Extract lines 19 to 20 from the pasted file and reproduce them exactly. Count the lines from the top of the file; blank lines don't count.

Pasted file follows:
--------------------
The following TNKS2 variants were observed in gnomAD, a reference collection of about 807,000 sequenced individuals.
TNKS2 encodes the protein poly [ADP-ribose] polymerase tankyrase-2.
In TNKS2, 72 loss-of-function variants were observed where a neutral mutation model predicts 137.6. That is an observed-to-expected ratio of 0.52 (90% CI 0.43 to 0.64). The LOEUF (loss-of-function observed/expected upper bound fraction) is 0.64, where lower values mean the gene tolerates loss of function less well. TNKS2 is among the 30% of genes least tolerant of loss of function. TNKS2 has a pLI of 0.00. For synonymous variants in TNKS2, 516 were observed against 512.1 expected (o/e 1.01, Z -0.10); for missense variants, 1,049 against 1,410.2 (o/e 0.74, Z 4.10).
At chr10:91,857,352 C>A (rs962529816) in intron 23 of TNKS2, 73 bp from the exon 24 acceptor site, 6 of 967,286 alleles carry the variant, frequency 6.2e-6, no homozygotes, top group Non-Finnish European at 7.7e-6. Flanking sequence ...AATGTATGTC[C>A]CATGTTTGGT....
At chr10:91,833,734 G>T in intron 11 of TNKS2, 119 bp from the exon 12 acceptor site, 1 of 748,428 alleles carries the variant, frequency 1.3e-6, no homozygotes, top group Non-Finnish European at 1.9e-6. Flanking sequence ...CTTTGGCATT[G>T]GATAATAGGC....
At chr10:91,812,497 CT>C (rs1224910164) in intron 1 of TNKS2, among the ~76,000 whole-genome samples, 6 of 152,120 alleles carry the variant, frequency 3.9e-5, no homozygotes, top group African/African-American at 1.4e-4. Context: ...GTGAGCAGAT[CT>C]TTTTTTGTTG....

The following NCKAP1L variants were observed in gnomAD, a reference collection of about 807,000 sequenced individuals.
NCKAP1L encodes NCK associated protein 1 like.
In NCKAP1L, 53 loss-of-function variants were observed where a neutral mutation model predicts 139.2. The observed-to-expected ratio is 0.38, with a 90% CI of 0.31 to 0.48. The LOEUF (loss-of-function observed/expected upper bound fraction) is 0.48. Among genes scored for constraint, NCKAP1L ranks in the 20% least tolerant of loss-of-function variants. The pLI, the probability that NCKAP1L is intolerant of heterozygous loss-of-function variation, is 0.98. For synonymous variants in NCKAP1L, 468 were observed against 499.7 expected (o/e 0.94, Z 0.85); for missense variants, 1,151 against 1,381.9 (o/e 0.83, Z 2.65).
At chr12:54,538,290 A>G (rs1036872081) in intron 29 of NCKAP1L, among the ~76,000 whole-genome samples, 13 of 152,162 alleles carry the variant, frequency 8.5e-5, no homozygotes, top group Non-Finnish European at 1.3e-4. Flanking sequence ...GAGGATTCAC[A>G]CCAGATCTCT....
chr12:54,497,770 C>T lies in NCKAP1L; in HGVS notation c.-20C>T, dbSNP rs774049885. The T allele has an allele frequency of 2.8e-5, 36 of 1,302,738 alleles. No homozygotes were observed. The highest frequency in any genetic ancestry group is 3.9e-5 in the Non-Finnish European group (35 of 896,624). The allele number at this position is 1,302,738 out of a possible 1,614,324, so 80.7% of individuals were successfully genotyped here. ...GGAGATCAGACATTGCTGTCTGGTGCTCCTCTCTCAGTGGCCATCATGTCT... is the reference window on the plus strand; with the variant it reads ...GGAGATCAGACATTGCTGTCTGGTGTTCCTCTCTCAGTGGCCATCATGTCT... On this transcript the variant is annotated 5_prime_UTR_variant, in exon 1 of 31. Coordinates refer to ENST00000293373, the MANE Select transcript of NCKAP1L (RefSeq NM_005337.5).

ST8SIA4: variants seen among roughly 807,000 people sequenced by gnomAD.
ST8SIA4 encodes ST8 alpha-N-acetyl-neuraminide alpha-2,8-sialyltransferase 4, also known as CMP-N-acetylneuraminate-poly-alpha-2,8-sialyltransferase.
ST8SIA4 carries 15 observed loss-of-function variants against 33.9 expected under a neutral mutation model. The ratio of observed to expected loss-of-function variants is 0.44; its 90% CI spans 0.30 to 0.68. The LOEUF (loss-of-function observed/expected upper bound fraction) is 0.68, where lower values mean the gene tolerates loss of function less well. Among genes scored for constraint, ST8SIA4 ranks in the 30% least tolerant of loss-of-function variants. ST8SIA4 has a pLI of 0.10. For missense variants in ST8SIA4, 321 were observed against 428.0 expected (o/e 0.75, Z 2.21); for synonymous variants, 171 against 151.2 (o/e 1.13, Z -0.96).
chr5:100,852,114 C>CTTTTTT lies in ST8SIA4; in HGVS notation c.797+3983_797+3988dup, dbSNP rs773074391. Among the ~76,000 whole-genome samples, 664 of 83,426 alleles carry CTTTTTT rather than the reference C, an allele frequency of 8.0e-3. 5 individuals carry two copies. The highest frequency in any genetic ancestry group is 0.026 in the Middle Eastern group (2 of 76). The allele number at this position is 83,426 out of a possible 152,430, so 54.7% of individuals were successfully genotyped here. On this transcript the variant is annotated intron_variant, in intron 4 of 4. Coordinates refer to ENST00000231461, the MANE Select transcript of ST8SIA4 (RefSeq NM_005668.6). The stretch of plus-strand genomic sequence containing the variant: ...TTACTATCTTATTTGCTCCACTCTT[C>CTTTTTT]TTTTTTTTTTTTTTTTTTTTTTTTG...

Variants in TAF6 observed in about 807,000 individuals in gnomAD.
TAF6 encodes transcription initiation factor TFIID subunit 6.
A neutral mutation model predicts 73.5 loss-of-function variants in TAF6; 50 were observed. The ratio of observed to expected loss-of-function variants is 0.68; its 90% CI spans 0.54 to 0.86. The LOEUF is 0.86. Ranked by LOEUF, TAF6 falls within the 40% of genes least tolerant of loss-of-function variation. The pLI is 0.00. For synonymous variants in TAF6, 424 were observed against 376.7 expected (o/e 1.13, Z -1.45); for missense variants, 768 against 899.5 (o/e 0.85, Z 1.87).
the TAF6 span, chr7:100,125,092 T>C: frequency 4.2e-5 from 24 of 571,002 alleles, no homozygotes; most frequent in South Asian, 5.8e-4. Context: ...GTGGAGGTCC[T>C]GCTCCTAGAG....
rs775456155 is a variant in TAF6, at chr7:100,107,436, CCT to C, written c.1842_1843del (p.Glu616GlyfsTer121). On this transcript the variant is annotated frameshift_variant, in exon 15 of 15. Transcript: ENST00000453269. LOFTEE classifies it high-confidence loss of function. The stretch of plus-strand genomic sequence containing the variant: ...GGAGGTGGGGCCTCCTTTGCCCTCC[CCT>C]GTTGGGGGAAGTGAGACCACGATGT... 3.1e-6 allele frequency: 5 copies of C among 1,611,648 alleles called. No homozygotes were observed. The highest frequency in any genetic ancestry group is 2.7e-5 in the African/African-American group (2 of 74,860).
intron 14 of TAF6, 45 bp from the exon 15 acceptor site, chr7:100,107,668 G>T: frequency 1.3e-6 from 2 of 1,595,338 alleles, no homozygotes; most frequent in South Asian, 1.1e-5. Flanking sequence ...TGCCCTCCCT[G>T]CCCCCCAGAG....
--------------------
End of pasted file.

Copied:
the TAF6 span, chr7:100,125,092 T>C: frequency 4.2e-5 from 24 of 571,002 alleles, no homozygotes; most frequent in South Asian, 5.8e-4. Context: ...GTGGAGGTCC[T>C]GCTCCTAGAG....
rs775456155 is a variant in TAF6, at chr7:100,107,436, CCT to C, written c.1842_1843del (p.Glu616GlyfsTer121). On this transcript the variant is annotated frameshift_variant, in exon 15 of 15. Transcript: ENST00000453269. LOFTEE classifies it high-confidence loss of function. The stretch of plus-strand genomic sequence containing the variant: ...GGAGGTGGGGCCTCCTTTGCCCTCC[CCT>C]GTTGGGGGAAGTGAGACCACGATGT... 3.1e-6 allele frequency: 5 copies of C among 1,611,648 alleles called. No homozygotes were observed. The highest frequency in any genetic ancestry group is 2.7e-5 in the African/African-American group (2 of 74,860).